Scoring first has been a major Sutter-ism throughout his 35-year coaching career, so it should be no surprise that the Flames focused on getting the puck in the net first. The next trend isn’t so Sutter-friendly.

The Calgary Flames Struggles Include Holding Leads

We’re going to look at some chilling statistics here on the number of times the Flames have allowed the opposition to erase a lead. Let’s rip the bandaid off and put it out there.

The team has surrendered a lead nine times after scoring first, out of 14 one-goal leads blown in total. They’ve blown two-goal leads three times. Giving up 17 leads in 23 games isn’t ideal.

Whether it’s starter Jacob Markstrom struggling, a redefined core learning a new system, or simply poor luck, you can’t give up momentum with such consistency and expect your team to make the playoffs.

Another factor that may have Darryl Sutter pulling his hair out is Markstrom’s play, as mentioned. His .889 save percentage is nowhere near where it needs to be, and his high danger save percentage of .802% is near the bottom of the league.

The Group Is Lacking Discipline

The Flames sit at 27th in net penalties with a -8. They’ve drawn 94 and taken 102.

Calgary has taken 93 minor penalties on the year. At the 23-game mark last season? 76. If the group is going to buy into a tight-to-the-belt defensive strategy, they need to tone it down.

Speaking of toning…

The Power Play Needs Work

Simply stating that the power play is ranked 24th in the National Hockey League at 18.9% doesn’t do justice to the chaos. While a simple offensive umbrella formation shouldn’t be too hard to roll out, it’s been a struggle. Across 15 games in November, no one on the Flames put up more than three points at 5-on-4.

One final aspect is why the Calgary Flames are not currently on pace to make the playoffs. One that is certainly less tangible.

Calgary is No Longer a Miserable Team to Play Against

The monstrous third pairing of Nikita Zadorov and Erik Gudbranson terrorized the rest of the NHL last season. Every instance of an opposing player getting too close to Jacob Markstrom or Johnny Gaudreau led to one of Gudbranson’s trademark “talks” with said player between whistles. If Gudbranson weren’t on-call, Milan Lucic would pick up the slack. Or Brett Ritchie.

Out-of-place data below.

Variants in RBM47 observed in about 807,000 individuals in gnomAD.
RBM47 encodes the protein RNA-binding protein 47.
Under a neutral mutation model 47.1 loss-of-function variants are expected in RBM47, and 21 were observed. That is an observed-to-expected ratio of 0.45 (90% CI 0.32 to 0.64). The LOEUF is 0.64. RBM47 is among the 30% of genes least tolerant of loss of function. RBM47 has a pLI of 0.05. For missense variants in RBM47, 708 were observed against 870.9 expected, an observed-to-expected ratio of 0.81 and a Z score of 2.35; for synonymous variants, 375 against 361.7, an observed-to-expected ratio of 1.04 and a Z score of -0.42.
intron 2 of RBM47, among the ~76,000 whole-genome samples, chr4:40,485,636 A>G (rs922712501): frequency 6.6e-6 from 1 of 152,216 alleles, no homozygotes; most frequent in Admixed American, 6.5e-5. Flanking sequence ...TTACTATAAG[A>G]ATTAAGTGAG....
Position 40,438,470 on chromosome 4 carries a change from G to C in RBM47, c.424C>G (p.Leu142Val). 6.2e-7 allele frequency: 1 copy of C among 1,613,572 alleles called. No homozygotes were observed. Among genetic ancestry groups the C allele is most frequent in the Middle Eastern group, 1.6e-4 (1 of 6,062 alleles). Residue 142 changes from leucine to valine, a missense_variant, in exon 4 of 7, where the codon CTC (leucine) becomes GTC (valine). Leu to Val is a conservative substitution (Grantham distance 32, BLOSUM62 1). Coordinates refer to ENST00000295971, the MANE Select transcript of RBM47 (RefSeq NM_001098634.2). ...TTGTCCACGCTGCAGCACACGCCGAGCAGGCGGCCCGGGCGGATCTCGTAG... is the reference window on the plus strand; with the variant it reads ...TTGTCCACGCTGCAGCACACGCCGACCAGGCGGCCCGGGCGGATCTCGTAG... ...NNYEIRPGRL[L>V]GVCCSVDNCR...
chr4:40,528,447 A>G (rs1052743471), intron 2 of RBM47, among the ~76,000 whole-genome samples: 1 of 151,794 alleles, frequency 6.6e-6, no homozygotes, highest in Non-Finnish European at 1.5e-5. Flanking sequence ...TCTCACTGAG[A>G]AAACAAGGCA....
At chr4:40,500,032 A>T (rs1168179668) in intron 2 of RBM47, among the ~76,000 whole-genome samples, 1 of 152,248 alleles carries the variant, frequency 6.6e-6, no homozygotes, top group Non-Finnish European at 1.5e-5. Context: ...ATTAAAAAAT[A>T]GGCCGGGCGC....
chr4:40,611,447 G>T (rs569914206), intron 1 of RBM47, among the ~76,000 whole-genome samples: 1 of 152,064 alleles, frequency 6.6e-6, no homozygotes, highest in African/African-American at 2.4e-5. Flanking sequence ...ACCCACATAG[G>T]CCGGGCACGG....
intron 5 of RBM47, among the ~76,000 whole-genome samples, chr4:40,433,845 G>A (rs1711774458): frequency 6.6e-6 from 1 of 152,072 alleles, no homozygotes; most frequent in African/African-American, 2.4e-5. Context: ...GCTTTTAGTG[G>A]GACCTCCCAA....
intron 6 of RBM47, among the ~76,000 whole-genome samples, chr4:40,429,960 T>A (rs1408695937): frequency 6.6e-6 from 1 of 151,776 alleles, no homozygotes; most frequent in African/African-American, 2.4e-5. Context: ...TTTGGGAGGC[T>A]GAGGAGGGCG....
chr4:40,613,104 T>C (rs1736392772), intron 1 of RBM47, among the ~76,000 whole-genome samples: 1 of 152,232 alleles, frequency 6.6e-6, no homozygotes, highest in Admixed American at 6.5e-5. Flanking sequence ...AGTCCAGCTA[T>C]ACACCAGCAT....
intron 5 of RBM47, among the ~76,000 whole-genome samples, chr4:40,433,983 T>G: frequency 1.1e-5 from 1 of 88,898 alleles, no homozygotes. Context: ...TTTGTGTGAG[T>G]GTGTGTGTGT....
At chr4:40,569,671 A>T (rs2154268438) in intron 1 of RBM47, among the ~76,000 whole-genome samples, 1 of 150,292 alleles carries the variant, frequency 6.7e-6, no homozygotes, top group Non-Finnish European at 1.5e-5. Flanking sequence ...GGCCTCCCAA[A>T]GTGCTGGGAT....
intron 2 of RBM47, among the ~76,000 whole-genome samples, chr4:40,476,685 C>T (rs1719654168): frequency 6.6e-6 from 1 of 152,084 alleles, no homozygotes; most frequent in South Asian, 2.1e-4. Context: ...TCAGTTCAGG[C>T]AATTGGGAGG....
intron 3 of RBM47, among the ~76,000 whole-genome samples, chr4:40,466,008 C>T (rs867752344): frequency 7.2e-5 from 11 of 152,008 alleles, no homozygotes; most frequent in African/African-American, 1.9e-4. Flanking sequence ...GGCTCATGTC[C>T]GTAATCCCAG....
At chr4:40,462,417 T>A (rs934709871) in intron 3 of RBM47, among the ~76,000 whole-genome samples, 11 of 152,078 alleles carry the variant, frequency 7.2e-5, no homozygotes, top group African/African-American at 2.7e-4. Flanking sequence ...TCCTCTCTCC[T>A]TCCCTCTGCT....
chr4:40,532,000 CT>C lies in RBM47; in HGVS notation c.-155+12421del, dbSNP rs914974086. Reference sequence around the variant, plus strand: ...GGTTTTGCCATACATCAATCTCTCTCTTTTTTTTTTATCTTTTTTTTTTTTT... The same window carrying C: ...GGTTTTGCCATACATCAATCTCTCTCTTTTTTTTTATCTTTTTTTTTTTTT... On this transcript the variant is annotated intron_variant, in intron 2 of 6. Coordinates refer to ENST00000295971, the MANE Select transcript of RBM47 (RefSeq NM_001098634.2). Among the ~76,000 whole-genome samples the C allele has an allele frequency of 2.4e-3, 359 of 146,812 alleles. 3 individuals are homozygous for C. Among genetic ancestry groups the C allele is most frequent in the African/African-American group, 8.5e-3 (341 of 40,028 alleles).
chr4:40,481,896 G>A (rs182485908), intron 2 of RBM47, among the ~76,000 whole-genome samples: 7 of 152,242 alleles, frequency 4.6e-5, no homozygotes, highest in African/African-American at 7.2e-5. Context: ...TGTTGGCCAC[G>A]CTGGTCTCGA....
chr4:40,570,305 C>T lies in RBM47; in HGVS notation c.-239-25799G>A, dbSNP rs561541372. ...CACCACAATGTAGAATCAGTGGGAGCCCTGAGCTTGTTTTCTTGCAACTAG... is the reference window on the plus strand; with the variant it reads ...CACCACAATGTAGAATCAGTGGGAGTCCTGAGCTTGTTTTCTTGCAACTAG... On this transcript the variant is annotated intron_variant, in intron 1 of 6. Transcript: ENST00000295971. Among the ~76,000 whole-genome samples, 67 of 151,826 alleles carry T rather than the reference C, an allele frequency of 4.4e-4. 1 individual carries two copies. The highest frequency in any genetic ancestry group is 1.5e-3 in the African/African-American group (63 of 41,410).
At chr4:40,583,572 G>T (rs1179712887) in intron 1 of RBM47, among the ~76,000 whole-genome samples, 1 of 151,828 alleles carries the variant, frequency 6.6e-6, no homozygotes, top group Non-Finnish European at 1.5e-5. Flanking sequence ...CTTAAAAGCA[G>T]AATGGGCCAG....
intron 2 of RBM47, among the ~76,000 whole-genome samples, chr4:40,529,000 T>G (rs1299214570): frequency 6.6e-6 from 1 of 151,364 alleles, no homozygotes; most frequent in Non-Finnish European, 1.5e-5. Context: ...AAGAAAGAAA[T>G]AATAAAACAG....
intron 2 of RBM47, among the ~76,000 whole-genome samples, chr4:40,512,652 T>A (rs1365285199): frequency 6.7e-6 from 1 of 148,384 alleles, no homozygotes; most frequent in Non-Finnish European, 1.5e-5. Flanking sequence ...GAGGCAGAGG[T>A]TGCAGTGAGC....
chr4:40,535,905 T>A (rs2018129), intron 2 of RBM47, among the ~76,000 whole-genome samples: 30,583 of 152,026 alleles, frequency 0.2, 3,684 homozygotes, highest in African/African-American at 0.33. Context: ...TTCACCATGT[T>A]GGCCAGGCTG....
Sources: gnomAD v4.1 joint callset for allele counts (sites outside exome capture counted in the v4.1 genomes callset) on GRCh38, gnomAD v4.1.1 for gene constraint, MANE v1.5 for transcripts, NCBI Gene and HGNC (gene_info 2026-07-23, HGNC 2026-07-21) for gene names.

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That kind of impact is difficult to quantify. You could look at the increase in both minor penalties taken and minor penalties drawn as a lack of a calming presence. You could look at the increased disparity in net penalties between seasons as a team committing minors because no one is willing to commit a major. It’s hard to put your thumb on it on paper, but it’s certainly a noticeable difference on the ice.

As for Milan Lucic this year, during an interview with Eric Francis on Fan 960 before the preseason, the 240lb winger seemed reluctant to admit that his shoulder had fully recovered from an injury sustained during the second round of the Stanley Cup Playoffs. Josh Archibald laid a thunderous check in Game 2. Lucic is yet to drop the gloves through preseason and 23 regular season games.

With Gudbranson’s departure on a four-year, 16-million-dollar contract with the Blue Jackets, the Flames lost a presence that has yet to be replaced. While there is no impending short-term solution to that issue, it’s worth noting that 6’5”, 210lb Carson Soucy is set to become a UFA in the offseason. Both Carson Soucy and Darryl Sutter hail from Viking, Alberta.

It’s also worth noting that Calgary general manager Brad Treliving has been hunting for an additional winger since August. 

Are the Calgary Flames truly NHL Draft Lottery-bound? Most pundits would say no. Will they surpass the 111-point mark that they set last season? Pretty unlikely as well. What we can take from the first 23 games is that you could call the team a “hot mess” and probably get away with it, which is pretty unique for a perfectly .500 team.